Manchester United finished seventh in the Premier League this season, meaning the Red Devils will miss out on European play for the first time in nearly 25 years and costing Manager David Moyes his job after just one season. But the team, which is owned by American Malcolm Glazer, still did pretty well at the bank.
The BBC is reporting that the team generated $18.5 million in profit over the first quarter of the year, up significantly from about $6 million over the same span a year ago, and that overall revenue rose to a record $193.5 million.
Club executive vice chairman Ed Woodward said: “We once again generated record revenues as all of our businesses delivered impressive year-over-year growth.
“This puts us in a healthy position to continue to invest in the squad. Everyone at the club is working hard to ensure the team is back challenging for the title and trophies next season”.
The club’s overall debt fell $26.8 million to $589.2 million. In February, the Independent reported that the Glazer family had spent $1.2 billion toward interest fees, bank charges and debt repayment since taking over the franchise in 2005, while only spending $640.1 million on player acquisition over that span. That’s less than Manchester City, Chelsea, Liverpool and Tottenham, all of which finished above Manchester United in the Premier League standings this season.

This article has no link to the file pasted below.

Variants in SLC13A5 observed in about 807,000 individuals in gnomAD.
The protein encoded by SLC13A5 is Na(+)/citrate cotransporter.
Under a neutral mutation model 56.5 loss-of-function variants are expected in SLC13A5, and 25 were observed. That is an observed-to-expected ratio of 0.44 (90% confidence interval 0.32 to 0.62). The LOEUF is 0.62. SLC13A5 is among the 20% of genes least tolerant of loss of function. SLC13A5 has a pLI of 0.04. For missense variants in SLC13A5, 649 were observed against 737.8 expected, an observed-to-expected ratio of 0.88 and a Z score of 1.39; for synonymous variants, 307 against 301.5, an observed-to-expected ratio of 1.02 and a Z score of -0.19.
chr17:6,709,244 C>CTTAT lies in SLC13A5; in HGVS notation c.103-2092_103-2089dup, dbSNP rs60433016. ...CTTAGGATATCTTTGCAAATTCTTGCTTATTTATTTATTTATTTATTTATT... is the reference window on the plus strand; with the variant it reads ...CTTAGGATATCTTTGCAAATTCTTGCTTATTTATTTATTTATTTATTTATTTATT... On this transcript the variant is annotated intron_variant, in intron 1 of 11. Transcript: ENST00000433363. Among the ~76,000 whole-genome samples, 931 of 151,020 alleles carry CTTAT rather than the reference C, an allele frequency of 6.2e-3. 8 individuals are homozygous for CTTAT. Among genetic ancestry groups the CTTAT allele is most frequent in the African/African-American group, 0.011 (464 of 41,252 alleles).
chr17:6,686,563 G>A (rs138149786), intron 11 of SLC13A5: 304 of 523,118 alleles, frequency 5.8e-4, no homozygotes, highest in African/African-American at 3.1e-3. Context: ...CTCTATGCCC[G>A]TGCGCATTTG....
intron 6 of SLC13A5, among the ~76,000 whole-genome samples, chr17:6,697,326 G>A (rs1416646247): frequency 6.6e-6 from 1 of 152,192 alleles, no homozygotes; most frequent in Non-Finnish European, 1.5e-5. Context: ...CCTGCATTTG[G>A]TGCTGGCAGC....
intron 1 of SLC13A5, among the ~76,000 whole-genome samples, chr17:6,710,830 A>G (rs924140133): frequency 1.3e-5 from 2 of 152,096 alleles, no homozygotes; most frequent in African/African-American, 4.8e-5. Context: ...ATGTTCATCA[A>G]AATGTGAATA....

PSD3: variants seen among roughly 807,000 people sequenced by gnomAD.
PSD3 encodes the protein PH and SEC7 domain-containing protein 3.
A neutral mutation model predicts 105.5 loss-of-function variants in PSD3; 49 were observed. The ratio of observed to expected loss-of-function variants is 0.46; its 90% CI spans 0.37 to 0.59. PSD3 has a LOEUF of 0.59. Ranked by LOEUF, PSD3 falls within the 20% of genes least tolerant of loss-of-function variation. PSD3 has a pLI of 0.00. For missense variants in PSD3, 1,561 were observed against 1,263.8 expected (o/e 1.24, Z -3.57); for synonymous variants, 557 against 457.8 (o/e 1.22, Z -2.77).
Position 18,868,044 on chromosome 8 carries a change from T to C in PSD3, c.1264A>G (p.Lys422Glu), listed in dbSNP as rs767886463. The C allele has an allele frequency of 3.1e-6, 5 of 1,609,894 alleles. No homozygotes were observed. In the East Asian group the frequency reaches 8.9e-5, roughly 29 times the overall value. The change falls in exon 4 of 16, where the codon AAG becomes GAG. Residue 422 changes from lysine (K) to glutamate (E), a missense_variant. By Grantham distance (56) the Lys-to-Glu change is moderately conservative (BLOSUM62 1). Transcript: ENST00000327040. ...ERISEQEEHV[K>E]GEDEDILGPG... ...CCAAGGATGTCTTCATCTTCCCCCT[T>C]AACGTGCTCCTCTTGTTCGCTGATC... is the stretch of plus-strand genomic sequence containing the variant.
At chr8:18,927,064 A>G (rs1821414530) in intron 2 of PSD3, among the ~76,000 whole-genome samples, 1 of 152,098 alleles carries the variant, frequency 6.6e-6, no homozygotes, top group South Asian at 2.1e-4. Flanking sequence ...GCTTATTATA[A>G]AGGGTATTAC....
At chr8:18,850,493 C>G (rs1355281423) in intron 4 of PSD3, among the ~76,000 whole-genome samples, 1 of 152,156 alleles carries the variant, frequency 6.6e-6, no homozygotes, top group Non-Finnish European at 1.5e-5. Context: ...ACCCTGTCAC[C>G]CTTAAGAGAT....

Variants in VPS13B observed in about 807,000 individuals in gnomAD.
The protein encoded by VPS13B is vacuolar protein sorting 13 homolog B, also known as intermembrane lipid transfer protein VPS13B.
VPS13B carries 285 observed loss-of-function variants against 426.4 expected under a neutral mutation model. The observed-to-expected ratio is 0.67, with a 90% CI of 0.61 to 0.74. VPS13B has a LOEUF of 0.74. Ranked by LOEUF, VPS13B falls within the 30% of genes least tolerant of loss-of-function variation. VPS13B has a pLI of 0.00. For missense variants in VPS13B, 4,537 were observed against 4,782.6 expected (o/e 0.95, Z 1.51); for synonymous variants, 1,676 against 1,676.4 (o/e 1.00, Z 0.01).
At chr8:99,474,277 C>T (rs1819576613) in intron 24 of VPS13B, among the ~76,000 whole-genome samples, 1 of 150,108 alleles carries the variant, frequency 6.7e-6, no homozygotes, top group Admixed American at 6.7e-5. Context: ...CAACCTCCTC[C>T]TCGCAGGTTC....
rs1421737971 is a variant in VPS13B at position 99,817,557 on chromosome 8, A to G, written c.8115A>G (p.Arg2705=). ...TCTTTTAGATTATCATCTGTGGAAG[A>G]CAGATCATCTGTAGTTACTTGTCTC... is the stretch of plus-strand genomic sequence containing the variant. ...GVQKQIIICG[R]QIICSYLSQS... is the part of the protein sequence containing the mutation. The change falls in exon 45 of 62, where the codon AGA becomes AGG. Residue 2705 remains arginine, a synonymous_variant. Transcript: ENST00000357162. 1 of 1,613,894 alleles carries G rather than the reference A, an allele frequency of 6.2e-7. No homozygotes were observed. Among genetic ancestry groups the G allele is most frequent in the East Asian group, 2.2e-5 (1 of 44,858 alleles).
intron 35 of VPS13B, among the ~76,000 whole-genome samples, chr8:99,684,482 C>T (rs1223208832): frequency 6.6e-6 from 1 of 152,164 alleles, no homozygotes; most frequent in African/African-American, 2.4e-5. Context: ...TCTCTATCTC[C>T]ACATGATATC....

But Man U’s failure to qualify for European competition for the first time since 1989-90 will cost the franchise around $58.6 million in lost earnings, according to the Financial Times. Of course, the team’s possible new deal with Adidas — reported to be in the neighborhood of $100 million annually — could help soften the blow down the line.